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Chapter 11 Acid-Base Balance During Exercise

Chapter 11 Acid-Base Balance During Exercise

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Chapter 11 Acid-Base Balance During Exercise

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  1. Chapter 11Acid-Base BalanceDuring Exercise EXERCISE PHYSIOLOGY Theory and Application to Fitness and Performance, 6th edition Scott K. Powers & Edward T. Howley

  2. Objectives • Define terms acid, base, and pH • Discuss importance of acid-base regulation to exercise performance • List principal intracellular and extracellular buffers • Explain the role of respiration in the regulation of acid-base status during exercise • Outline acid-base regulation during exercise • Discuss principal ways that hydrogen ions are produced during exercise

  3. Acids, Bases, and pH • Acid • Molecule that can liberate H+ ions • Base • Molecule that is capable of combining with H+ ions • pH • Measure of H+ ion concentration pH = -log10[H+]

  4. pH of Blood • Normal • pH = 7.4 • Acidosis • pH < 7.4 • Alkalosis • pH > 7.4 • Abnormal pH can disrupt normal body function and affect performance

  5. Acidosis and Alkalosis Fig 11.2

  6. Sources of H+ Ions During Exercise • Volatile acids • Carbon dioxide • Fixed acids • Sulfuric acid • Phosphoric acid • Organic acids • Lactic acids

  7. Sources of Hydrogen Ions Due to Metabolic Processes Fig 11.3

  8. Importance of Acid-Base Regulation During Exercise • Failure to maintain acid-base balance may impair performance • Inhibit ATP production • Interfere with muscle contraction • Acid-base balance maintained by buffers • Release H+ ions when pH is high • Accept H+ ions when pH is low

  9. Extracellular Bicarbonate Hemoglobin Blood proteins Buffers • Intracellular • Proteins • Phosphate groups • Bicarbonate • Bicarbonate buffering system CO2 + H2O  H2CO3  H+ + HCO3-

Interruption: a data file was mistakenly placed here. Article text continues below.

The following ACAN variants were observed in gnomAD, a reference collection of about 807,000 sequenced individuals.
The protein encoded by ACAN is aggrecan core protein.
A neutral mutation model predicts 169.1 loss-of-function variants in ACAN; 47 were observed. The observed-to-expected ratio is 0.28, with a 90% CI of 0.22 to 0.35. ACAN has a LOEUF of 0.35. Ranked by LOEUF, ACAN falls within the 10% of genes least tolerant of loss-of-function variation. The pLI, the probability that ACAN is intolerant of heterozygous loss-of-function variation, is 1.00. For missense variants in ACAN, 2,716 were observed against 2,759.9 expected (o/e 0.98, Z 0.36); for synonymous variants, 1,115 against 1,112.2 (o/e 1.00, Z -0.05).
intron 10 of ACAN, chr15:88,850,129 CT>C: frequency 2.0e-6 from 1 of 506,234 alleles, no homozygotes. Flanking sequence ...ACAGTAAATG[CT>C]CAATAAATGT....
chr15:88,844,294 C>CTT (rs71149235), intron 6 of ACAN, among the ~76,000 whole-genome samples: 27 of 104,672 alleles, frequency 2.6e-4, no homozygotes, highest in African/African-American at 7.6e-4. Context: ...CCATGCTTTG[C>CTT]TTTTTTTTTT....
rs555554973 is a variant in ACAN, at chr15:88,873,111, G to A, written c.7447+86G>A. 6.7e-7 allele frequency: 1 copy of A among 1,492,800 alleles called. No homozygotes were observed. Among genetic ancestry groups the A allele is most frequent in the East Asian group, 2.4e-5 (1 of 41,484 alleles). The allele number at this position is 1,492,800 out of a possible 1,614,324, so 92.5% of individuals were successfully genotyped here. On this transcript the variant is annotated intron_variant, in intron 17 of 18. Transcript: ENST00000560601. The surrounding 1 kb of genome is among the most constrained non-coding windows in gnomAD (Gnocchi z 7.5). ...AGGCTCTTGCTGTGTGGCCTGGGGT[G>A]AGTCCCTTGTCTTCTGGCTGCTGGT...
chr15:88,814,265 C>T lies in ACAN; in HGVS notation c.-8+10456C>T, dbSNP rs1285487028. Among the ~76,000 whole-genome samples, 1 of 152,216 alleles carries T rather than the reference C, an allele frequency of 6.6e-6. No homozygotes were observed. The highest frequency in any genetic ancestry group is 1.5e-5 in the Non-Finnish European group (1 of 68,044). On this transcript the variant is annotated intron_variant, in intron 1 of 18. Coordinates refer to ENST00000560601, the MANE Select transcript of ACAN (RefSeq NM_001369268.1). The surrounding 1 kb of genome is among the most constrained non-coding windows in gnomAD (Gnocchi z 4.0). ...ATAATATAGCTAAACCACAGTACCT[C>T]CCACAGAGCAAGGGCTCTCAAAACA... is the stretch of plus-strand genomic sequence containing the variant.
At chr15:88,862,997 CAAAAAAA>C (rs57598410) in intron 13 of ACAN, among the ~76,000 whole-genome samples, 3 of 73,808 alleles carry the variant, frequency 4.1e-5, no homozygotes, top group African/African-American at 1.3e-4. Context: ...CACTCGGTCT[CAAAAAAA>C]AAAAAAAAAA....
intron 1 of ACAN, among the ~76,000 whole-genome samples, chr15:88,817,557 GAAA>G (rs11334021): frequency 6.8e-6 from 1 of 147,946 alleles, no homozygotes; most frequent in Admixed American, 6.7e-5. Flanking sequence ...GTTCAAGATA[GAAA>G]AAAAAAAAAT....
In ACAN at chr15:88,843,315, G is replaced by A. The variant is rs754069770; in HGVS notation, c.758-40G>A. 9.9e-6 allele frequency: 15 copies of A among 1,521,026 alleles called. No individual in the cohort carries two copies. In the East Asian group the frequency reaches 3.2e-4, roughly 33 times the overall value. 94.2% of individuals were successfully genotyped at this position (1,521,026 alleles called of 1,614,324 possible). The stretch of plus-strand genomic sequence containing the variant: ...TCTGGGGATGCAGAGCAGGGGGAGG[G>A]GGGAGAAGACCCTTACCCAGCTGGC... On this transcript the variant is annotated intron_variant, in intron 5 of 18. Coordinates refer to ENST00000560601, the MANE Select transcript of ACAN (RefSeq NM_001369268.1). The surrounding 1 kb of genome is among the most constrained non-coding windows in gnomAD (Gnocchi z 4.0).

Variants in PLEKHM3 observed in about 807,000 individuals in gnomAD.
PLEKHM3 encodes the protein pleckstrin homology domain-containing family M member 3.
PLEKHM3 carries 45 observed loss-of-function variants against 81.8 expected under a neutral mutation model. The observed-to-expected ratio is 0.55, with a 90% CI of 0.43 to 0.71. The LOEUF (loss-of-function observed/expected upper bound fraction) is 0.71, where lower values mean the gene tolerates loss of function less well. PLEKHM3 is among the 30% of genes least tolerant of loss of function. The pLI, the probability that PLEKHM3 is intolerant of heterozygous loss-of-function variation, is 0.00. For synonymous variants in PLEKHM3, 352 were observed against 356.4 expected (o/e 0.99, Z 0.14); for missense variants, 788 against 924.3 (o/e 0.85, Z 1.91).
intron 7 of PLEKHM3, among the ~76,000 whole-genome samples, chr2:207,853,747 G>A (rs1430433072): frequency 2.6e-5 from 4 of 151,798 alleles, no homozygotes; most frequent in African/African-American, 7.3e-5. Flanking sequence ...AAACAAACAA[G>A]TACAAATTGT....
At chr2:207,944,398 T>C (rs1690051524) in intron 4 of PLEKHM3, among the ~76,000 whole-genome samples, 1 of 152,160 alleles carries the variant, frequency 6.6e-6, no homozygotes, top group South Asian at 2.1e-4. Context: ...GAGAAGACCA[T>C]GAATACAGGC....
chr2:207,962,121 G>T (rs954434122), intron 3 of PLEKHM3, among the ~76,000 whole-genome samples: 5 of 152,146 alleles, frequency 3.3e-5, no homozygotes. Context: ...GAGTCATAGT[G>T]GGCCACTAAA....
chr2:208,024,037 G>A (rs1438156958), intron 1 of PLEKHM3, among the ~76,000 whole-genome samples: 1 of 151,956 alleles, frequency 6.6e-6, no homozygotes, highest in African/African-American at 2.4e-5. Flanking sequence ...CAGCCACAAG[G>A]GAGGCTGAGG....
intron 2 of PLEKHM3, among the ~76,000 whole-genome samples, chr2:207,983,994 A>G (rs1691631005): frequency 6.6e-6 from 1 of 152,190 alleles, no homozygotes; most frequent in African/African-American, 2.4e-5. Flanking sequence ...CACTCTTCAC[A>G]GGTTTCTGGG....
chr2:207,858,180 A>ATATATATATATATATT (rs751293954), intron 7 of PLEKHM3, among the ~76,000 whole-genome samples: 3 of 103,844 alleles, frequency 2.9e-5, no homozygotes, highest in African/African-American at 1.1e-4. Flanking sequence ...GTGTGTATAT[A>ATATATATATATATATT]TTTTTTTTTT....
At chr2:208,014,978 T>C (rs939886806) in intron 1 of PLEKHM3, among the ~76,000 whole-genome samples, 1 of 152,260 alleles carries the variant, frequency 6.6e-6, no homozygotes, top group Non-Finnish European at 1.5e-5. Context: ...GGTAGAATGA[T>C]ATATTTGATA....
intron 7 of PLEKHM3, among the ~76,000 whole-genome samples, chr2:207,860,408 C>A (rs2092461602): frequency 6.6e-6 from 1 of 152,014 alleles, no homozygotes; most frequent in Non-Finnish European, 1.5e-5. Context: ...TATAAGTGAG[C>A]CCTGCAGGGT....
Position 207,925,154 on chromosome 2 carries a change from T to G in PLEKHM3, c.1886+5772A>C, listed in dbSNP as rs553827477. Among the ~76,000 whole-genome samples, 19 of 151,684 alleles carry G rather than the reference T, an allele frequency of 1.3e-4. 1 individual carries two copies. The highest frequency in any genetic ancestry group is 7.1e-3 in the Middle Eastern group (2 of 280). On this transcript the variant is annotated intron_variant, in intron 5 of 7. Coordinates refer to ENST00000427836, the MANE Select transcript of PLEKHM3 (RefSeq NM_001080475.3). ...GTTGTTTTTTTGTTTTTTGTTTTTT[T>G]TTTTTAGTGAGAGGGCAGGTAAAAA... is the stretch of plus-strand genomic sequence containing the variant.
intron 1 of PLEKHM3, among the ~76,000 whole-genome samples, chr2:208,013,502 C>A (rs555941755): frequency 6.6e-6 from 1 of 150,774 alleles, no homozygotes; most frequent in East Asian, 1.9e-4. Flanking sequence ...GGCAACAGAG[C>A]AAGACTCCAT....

10. Regulation of Acid-Base Balance • Lungs • Increased blood PCO2 • Results in low pH • Increases ventilation • CO2 is “blown off” • pH lowered • Kidneys • Regulate blood bicarbonate concentration • Important in long-term acid-base balance

  11. pH Changes During Exercise • Blood pH • Declines with increasing intensity exercise • Muscle pH • Declines more dramatically than blood pH • Muscle has lower buffering capacity

  12. Changes in Arterial Blood and Muscle pH During Exercise Fig 11.4

  13. Buffering of Lactic Acid During Exercise • Lactic acid is buffered by bicarbonate • Increases in lactic acid accompanied by decreases in bicarbonate and blood pH • Respiratory compensation • “Blows off” excess CO2

  14. Changes in Blood Lactic Acid, HCO3-, and pH During Exercise Fig 11.2

  15. Regulation of Acid-Base Balance During Exercise • First line • Cellular buffers • Proteins, bicarbonate, and phosphate groups • Blood buffers • Bicarbonate, hemoglobin, and proteins • Second line • Respiratory compensation

  16. Lines of Defense Against pH Changes During Intense Exercise Fig 11.6

  17. Chapter 11Acid-Base BalanceDuring Exercise